Marshall School District approves preliminary budget
MARSHALL — Enrollment at Marshall Public Schools is projected to be pretty stable over the next three years, but some costs for the district are still expected to increase for the upcoming school year, district staff said Tuesday.
A preliminary budget for the 2019-2020 school year included projected revenues of $41.243 million and projected expenditures of $41.393 million. Some of those expenditures included increases in the cost of staff salaries and benefits, and purchased services for the district, said business director Dion Caron.
“This will result in deficit spending in our general fund,” Caron said. However, he said the projected general fund deficit, of about $296,000, was smaller than earlier estimates from back in March.
Caron presented the preliminary budget during the Marshall School Board’s regular meeting earlier this week. After discussing the preliminary budget, board members voted to approve it.
There are several factors that affect the school district’s budget and revenue each year, Caron said. The major one is student enrollment. He said Marshall’s K-12 enrollment is expected to hold steady over the next three years, with projections going from 2,487 students in the upcoming school year to 2,558 students in 2021-22.
Later in the board meeting, Superintendent Scott Monson reported that MPS would end the 2018-2019 school year with 2,466 students in kindergarten through 12th grade. It’s the ninth year in a row that enrollment has increased, Monson said.
At the same time, the number of students receiving free and reduced-price lunches, special education services, and English Learner services is also growing, the budget report said. In the 2018-19 school year, Marshall had 527 students receiving special education services, and 434 English Learners.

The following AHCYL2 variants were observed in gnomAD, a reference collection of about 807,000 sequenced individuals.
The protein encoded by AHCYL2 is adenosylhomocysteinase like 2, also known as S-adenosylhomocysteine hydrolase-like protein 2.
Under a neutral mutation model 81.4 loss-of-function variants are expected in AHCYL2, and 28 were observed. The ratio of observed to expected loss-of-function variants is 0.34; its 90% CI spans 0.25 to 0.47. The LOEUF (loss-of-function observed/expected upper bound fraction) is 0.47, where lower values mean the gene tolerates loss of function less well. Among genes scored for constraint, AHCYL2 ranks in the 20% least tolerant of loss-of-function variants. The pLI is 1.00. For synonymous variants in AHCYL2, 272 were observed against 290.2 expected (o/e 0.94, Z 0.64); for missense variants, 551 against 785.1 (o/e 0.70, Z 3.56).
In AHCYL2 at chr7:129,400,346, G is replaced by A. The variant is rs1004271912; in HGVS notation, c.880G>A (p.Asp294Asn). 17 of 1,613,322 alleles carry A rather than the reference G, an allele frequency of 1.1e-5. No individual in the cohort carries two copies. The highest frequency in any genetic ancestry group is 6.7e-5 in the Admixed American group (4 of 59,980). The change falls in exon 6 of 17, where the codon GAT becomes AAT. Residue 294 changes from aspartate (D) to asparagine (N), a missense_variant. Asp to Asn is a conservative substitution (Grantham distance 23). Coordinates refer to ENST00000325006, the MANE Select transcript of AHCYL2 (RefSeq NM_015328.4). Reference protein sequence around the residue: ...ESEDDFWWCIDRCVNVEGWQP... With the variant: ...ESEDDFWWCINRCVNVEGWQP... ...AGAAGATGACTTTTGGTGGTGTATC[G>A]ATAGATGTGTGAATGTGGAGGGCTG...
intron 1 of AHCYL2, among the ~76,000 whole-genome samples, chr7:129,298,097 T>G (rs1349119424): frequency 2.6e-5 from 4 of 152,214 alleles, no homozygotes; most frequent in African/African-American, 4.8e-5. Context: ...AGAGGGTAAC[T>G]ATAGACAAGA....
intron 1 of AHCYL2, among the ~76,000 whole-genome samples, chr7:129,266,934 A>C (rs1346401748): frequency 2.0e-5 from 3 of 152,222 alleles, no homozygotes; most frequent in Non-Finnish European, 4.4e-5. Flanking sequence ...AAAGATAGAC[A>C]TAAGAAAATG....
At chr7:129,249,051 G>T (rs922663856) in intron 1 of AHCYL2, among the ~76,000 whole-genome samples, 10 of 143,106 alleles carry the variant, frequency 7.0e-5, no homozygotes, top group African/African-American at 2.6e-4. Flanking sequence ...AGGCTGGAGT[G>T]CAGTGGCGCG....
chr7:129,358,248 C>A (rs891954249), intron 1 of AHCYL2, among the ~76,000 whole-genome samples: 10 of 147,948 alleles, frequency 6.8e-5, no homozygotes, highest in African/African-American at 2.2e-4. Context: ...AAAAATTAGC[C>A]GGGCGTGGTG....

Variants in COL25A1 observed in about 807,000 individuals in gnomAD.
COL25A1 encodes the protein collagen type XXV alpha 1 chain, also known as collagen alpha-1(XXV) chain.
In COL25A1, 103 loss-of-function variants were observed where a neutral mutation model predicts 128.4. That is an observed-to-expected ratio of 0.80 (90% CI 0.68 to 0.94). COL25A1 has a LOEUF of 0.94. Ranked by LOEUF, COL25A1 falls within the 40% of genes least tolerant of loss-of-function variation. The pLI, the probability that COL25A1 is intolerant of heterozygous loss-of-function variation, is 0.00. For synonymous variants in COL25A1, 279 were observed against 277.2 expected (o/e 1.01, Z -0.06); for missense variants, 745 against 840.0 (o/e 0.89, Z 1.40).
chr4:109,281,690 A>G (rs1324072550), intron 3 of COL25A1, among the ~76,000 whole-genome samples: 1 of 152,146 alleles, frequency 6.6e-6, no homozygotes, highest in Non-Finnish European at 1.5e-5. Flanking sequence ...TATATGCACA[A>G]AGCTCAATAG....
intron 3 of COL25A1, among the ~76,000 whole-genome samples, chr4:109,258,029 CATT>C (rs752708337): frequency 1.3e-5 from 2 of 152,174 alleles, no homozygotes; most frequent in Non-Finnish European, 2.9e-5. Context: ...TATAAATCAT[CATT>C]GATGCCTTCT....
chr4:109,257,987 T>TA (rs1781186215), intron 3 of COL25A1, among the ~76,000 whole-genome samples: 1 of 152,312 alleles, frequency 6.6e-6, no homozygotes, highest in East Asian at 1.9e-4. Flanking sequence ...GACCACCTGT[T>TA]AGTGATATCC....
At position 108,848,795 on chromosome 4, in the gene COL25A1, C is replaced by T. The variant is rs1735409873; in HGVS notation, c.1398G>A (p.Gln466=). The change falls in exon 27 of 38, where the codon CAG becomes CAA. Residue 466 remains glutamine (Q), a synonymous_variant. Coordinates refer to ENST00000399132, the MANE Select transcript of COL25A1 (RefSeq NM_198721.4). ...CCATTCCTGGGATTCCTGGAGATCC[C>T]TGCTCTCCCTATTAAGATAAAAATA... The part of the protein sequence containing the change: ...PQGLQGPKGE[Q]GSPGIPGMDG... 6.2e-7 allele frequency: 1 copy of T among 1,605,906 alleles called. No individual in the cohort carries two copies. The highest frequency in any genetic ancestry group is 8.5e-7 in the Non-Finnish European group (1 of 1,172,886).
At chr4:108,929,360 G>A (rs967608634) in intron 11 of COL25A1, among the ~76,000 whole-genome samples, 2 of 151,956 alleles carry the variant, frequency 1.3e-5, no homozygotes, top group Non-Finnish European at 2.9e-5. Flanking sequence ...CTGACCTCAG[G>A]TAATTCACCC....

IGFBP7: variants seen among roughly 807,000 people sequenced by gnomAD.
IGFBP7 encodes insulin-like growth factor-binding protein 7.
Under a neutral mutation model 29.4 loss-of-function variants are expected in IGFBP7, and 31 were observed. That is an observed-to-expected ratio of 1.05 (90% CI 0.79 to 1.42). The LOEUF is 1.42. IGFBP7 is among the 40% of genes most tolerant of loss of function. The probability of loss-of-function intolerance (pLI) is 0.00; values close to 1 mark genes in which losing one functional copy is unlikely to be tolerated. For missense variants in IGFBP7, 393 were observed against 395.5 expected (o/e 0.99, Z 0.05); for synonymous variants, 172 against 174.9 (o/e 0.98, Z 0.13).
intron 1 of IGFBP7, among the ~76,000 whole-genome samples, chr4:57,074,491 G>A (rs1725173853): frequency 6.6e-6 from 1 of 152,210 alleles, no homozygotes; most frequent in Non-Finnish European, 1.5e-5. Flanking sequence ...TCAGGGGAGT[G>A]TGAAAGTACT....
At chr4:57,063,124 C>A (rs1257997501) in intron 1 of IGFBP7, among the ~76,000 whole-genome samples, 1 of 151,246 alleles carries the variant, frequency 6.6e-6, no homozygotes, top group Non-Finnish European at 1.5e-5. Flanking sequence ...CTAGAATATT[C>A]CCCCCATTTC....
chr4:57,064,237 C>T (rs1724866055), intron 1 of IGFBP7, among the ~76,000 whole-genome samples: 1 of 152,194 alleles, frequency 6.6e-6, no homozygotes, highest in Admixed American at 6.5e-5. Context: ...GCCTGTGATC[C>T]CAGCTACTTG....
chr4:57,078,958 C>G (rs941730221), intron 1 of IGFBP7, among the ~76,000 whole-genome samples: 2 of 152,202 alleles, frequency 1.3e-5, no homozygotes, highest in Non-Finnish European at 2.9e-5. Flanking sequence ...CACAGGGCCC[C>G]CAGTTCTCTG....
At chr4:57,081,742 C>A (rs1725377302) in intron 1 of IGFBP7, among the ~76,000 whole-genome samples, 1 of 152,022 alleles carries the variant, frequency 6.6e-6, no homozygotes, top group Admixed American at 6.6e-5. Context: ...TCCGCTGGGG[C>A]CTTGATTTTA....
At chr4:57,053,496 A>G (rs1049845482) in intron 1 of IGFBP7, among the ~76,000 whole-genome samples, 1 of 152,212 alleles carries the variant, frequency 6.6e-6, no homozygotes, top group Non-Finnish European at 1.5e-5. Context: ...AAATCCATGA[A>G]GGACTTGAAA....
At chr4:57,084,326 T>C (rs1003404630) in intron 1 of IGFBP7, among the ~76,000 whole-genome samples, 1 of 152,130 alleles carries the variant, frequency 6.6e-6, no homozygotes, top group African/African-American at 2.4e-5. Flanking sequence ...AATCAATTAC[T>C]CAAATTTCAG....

In the preliminary budget for the upcoming school year, both general fund revenue and expenditures showed an increase from 2018-19. The district’s state revenue is projected to be up more than $700,000, with a lot of that money coming from increases in general and special education aid passed this spring, Caron said.
Salaries and benefits make up the majority of general fund expenditures across the school district, Caron said, and expenditures for both are projected to increase in the upcoming school year. Salary and benefit spending has gone up at MPS over the past five years, but Caron said the positive thing is that the change has been gradual.
“There aren’t really any jumps in the salaries and benefits each year,” he said.
Caron said the projected spending for purchased services has also increased about $11,000 over the 2018-19 school year. MPS’ purchased services range from special education services to consulting fees and leases, he said.
Caron said a deficit of about $75,000 was projected for the district’s transportation fund in the 2019-20 school year, in spite of projected increases in revenue.
“Funding just isn’t keeping up with expenditures,” Caron said. The transportation fund had a deficit in the 2018-19 school year as well, and Caron said it’s a pattern that has held true for the past few years.
School board member Aaron Ziemer asked if the transportation budget deficit was a concern going forward.
For now, Caron said, it wasn’t a major concern.
“All in all, the transportation and the general fund, when we submit it to the state, combine,” he said. “When there was an excess in transportation, it would help out the general fund.”
While the district will have to keep an eye on the transportation fund balance, he said, the general fund could help if the transportation fund goes into the negative.